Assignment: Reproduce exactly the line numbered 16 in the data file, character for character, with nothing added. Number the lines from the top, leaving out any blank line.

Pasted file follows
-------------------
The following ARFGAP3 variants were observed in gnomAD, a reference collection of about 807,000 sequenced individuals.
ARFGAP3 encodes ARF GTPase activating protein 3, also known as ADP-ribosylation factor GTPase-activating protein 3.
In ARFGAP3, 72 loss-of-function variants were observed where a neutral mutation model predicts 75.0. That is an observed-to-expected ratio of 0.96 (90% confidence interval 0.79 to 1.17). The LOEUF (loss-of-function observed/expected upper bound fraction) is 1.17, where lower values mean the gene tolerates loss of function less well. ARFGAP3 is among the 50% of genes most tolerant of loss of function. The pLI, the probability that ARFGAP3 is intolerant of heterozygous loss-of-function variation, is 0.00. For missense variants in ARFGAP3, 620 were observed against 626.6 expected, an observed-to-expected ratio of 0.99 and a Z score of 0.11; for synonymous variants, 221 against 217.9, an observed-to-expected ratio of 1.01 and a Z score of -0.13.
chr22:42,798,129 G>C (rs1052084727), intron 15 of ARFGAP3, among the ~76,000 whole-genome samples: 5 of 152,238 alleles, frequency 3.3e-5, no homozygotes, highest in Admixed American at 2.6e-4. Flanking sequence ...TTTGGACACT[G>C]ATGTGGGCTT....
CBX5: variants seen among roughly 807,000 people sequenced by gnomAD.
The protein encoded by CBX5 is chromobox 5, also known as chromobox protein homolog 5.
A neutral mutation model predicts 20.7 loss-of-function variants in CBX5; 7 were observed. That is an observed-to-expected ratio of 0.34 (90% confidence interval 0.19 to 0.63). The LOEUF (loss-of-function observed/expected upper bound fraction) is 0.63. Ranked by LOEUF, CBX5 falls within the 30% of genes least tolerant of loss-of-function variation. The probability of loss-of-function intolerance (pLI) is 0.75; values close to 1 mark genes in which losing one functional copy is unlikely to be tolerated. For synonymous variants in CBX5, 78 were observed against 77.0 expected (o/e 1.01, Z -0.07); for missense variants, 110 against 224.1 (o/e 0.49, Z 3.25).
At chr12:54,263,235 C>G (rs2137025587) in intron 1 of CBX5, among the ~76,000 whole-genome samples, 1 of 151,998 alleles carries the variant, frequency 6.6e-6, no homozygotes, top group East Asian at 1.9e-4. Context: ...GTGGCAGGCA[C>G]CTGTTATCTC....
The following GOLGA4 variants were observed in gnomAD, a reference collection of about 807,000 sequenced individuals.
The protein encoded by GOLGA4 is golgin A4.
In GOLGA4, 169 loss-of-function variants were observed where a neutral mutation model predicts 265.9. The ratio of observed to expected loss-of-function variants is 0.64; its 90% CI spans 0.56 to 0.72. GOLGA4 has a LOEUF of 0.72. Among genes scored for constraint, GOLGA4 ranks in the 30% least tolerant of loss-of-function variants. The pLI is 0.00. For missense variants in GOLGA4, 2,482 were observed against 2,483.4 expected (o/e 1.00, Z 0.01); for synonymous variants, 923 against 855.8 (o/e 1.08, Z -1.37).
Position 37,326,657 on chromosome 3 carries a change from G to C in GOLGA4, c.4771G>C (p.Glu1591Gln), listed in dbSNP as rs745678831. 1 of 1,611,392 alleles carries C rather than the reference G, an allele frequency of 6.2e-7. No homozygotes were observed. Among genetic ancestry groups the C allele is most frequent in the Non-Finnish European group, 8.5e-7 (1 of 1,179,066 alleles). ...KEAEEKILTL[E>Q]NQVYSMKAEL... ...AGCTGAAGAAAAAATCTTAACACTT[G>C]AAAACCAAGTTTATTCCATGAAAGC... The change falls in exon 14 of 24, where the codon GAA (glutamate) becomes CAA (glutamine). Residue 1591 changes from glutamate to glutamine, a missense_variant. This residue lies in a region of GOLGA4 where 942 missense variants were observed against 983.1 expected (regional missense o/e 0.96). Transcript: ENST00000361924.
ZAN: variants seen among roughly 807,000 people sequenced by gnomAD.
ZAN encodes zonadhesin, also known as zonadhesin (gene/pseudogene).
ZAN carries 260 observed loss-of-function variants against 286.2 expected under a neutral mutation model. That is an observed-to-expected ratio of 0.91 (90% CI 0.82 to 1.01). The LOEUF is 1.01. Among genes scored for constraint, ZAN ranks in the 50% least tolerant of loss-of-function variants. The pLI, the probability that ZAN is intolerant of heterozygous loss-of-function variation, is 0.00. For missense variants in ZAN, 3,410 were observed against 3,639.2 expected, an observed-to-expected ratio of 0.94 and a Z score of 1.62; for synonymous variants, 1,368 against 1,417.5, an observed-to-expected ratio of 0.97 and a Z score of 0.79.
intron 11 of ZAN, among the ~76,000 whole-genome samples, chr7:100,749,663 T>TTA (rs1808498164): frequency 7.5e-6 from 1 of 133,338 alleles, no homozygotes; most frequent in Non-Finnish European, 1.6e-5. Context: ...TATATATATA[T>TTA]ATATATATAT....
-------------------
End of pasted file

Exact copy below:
intron 11 of ZAN, among the ~76,000 whole-genome samples, chr7:100,749,663 T>TTA (rs1808498164): frequency 7.5e-6 from 1 of 133,338 alleles, no homozygotes; most frequent in Non-Finnish European, 1.6e-5. Context: ...TATATATATA[T>TTA]ATATATATAT....